Updated: Jun 20
Every farmer I've met has a special relationship with time. That entity that slips through our fingers...
In addition to dealing with production, farmers also face the challenges of sales, accounting, human resources, etc. Delegating is particularly difficult for these warriors. To delegate, they have to find employees (a rare gem these days) and pay them with the precious margins of their vegetable sales. Ouch!
That's why the most successful vegetable farmers focus on efficiency. Let's quantify that by revenue per hour worked ($/hr).
According to the data collected in RJME and the report by Geoffroy Ménard of CETAB+, the following information is available, the average grower produces $25 worth of vegetables per hour worked. With the employer's charges, an hour's wage comes to $20 for the farm. This means that for every hour of hard work, only $5 is available to pay for all other farm expenses!
Fortunately, market gardeners have found greenhouses as a way to increase their margins. According to Geoffroy Ménard's report from CETAB+, producers make $50/hr in greenhouses. That's twice as much as the average production! We even have several clients who make between $100 and $150/hr in their greenhouses.
With the superpowers of the greenhouse, comes great responsibility! To have these yields, we must maintain an optimal climate for our plants. And if we're not careful, it eats up our time and decreases our $/hr.
In this article, you will read how the $150/hr grower uses automation to save precious time. The first step is to reduce interruptions. Next, we'll look at how you can use automation to limit the amount of time you spend caring for the plant. We'll finish by looking at how you can maximize the time you save with automation.
We always underestimate the time that interruptions cost us. I am the first one!
In the case of market gardeners, irrigation is a typical example. Starting a valve only takes 2 seconds, right? Think about it.
If you are already next to the valve, it takes 2 seconds to start the irrigation... but then what do you do? Do you wait 5 minutes for the irrigation to finish before closing the valve? Or do you temporarily keep yourself busy to be a little productive?
Besides, when it's time to leave the valve, you're often elsewhere. Doing something else. In the field, weeding, for example. So how long does irrigation take you?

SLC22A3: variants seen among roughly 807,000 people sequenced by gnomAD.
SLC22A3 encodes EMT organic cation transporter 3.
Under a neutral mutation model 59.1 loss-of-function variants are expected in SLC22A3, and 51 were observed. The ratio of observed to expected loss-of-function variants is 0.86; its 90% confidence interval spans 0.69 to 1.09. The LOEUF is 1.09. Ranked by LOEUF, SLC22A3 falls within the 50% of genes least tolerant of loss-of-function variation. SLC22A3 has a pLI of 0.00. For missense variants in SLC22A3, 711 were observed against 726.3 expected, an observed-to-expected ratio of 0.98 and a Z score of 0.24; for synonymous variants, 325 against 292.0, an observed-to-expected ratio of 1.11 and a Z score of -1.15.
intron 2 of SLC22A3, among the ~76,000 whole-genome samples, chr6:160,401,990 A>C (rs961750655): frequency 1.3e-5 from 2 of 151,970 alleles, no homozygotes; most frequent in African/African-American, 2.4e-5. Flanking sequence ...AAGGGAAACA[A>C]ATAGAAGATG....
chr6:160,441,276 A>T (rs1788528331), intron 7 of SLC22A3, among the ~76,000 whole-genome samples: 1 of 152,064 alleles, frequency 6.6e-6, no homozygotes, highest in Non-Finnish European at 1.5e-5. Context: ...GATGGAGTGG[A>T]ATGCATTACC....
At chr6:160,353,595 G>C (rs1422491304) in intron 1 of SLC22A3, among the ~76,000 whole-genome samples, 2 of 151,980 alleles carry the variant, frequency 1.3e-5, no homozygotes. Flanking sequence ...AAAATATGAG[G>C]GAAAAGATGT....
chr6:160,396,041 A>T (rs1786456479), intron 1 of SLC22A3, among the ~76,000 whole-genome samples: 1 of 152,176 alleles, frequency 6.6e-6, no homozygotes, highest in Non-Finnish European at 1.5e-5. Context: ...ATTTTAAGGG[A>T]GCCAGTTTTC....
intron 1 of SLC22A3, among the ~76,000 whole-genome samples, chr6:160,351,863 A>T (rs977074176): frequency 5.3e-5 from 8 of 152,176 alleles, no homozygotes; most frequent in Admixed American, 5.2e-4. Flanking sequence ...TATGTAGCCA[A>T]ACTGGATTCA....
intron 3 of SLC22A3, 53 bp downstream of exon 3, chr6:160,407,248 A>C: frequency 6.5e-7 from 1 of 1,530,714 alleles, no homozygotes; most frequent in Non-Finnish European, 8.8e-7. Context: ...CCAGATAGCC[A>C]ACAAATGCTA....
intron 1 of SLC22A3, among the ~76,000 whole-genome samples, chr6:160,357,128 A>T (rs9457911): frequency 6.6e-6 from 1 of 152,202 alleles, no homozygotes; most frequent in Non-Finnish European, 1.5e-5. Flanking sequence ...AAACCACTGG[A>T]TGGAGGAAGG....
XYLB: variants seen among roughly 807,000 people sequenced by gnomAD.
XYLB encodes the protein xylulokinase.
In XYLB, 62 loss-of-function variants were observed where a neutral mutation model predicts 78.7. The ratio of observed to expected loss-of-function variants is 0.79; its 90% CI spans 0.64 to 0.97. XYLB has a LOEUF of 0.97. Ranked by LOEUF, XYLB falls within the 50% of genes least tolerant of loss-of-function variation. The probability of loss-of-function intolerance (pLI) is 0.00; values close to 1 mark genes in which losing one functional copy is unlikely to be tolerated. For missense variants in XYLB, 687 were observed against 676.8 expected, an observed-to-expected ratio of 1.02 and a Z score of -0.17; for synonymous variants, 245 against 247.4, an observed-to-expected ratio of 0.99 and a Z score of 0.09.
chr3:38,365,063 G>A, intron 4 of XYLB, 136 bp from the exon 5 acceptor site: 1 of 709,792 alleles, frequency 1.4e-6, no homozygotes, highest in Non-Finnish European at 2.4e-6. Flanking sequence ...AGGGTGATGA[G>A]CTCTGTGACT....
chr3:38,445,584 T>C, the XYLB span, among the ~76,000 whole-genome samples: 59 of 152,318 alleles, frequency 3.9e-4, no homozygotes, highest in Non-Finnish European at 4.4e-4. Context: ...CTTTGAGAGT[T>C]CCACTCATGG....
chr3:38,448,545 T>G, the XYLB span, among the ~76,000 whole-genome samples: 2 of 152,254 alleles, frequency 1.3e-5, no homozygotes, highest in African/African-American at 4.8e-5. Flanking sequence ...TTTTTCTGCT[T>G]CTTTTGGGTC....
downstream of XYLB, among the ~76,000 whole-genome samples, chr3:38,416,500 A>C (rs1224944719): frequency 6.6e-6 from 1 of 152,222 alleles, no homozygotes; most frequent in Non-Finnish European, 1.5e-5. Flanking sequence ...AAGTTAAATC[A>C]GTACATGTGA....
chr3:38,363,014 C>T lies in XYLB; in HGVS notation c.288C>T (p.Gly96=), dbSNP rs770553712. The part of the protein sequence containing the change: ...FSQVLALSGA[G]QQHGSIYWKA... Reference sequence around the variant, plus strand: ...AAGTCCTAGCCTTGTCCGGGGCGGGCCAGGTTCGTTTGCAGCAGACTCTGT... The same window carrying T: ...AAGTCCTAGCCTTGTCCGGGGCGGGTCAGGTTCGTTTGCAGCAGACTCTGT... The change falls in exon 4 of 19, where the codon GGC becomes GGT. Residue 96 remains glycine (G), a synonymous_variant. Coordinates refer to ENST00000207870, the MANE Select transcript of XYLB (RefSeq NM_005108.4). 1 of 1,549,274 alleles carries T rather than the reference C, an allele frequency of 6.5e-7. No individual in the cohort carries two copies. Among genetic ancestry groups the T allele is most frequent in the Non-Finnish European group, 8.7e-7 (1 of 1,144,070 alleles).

Stop weeding and go to the greenhouse 5min
Open the valve, wait for the duration of the irrigation then close it 5min
Return to the field and take the tools to weed 5min
15 minutes for a valve is not so bad?
Keep in mind that a greenhouse needs between 3 and 25 starts per day. This means that you lose almost 4 hours every day going back and forth.
Quick calculation: Automating irrigation can save you 5 to 40 hours of productivity EACH WEEK!
It is possible to automate irrigation for $150 per valve. In 1 week, you're back in your money just by counting the time you save. Okay. Let's make it 2 considering the installation time. And I'm not even talking about the impact on your yields and stress!
Like irrigation, greenhouse ventilation causes a lot of disruption. In addition to bringing a mental load that we could do without. It is always possible to do a rough ventilation job, but it increases heating costs. Not to mention that it's not the way to get to $150/m².
Even with rough control, you have to manage the opening sides and roofs:
Open in the morning (at sunrise... urgh my sleeping hours!)
Close at sunset
Adjust in case of rain
Adjust in case of strong winds
Adjust when a cloud passes in spring and it's cold outside
And that's on the weekends too!
Consider how many interruptions that is per week. Multiply that by the average time it takes to get to and from the greenhouse + the time it takes to open or close the sides/roofs. Don't forget that you may be out for a delivery, a trip to the hardware store, etc.
I estimate that it takes 5 hours per week for a rough check of 2 siding panels. If you want to save that time each week, you can pay back your investment in sash automation in half a season. As a bonus, you will have :
One less thing to worry about (Including evenings and weekends!)
A gain in yield Many of our customers are making 2x more than the average efficiency according to Geoffroy's report mentioned above
Savings on your energy bill We have calculated that by following the targets based on sunshine, you save 20% in energy
Some say that automation saved their marriage! Others say that with automation, they no longer need to run to the greenhouse in their boxer shorts in the morning to avoid burning. What is certain is that I have yet to meet a grower who regrets automating his ventilation!
In short, you will save a lot of interruptions with automation. In practice, you can easily save 10h of productivity per greenhouse per week.
The alternative would be to put an employee on these tasks. Considering all the costs associated with an employee, it would cost you $8,000 to $10,000/year. That gives you a good budget for automation. It's a long shot, but after that, you'll have 400 hours per season to make your farm more productive.